This morning, I cleared away the patch of seven-foot-tall weeds that had been growing unchecked behind a construction rubbish pile in my yard. Having them gone — both the weeds and the rubbish — makes me feel so much better! With the weeds growing like that, it made me feel slovenly, which isn’t at all how I like to think of myself.

I was going to pack it in when the work was finished, because I really did overdo it in my zeal to finish the task, but then clouds came and obscured the sun, and it felt cool enough to do a job I’ve been putting off.

I never considered bindweed a weed — it looks like small morning glories, and is pretty when it covers a field, or even when it entwines itself around the links of a chain-link fence. The problem with the fence is when the season is over, the plant dies back but leaves the vines wrapped around the links. I worked a bit on clearing off the fence the past couple of days, but so much of the weed was still left to clear off, that today, in the coolness, I got out a chair, sat down, and picked and picked and picked all that weed off the fence.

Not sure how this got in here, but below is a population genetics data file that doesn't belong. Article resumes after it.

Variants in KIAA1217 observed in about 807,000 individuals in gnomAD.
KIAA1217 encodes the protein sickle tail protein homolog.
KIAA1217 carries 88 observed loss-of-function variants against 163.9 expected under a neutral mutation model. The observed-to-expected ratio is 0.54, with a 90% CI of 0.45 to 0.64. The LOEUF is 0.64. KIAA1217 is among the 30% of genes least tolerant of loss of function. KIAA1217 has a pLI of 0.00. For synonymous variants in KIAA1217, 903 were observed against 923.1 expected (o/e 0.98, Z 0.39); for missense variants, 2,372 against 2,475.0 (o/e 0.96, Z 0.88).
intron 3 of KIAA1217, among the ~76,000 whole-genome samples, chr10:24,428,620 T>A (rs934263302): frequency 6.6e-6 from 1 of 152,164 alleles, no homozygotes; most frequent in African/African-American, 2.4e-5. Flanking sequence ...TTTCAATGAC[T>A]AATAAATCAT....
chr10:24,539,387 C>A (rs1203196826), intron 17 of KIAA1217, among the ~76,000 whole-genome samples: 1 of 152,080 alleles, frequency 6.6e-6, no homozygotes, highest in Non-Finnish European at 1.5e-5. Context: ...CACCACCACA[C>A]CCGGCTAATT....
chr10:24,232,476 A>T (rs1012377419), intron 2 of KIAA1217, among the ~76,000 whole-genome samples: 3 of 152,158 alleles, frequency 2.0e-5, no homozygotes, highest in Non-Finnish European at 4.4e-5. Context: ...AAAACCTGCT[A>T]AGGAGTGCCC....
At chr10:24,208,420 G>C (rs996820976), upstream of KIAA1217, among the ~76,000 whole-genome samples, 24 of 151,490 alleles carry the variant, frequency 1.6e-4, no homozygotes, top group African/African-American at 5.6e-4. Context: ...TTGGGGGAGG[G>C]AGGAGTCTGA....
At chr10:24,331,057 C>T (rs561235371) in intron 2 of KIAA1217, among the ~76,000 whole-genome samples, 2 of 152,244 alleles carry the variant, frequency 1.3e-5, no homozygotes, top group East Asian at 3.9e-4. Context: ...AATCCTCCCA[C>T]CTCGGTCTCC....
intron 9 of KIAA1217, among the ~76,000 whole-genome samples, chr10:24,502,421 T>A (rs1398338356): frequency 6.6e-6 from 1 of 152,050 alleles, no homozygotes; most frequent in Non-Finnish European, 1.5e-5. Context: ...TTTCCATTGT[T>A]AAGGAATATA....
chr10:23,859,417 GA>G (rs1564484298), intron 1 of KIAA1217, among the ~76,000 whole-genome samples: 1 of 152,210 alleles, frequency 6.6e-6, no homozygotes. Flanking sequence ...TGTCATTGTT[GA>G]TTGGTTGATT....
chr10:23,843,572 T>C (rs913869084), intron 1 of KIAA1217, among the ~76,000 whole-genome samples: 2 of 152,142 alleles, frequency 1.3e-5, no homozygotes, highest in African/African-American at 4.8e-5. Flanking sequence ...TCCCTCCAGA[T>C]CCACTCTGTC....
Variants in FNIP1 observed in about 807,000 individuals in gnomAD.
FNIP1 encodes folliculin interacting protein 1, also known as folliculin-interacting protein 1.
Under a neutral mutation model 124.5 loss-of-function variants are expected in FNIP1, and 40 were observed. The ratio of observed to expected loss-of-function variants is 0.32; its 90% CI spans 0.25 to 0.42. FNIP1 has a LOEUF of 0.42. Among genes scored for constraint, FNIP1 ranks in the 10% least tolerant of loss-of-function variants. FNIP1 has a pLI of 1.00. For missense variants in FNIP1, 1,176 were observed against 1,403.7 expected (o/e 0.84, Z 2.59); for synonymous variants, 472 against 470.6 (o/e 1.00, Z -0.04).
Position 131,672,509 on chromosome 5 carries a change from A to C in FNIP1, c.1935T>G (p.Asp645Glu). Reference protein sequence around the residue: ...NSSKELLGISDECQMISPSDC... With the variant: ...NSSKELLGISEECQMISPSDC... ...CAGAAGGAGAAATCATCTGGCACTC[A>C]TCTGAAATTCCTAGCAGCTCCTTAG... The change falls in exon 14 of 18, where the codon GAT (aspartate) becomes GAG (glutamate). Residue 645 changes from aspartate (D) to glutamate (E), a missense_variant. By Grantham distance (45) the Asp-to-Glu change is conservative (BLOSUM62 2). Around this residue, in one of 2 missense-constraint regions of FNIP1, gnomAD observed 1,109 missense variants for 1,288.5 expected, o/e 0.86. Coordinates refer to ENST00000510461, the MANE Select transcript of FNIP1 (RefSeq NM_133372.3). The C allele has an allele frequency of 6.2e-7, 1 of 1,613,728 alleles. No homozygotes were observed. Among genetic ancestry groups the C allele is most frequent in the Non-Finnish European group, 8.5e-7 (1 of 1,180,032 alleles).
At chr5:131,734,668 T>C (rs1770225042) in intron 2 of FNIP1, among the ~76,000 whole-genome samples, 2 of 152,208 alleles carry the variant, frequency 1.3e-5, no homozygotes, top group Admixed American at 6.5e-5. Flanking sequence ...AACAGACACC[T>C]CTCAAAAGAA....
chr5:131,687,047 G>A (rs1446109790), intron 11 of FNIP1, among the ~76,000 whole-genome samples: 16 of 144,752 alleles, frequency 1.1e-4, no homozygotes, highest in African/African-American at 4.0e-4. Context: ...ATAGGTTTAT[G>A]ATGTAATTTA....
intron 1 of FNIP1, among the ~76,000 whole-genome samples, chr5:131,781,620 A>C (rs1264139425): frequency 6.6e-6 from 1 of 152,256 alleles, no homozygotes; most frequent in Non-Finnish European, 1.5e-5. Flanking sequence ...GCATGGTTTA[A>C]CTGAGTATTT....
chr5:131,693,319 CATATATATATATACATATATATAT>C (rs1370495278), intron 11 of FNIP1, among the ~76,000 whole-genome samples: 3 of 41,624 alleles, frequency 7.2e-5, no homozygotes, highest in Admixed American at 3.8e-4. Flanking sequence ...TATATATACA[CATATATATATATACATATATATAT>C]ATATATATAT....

It looked so nice after it was finished, I hoped someone would notice and tell me that they noticed. I felt silly thinking that — I’m not a child, calling to her mother to witness some derring-do, “Lookame, Mommy. Lookame.” And yet . . . it is nice to have our feats noticed, even if they are as trivial as a clean fence. To be honest, I think it’s more than just nice. I think it’s a fundamental need.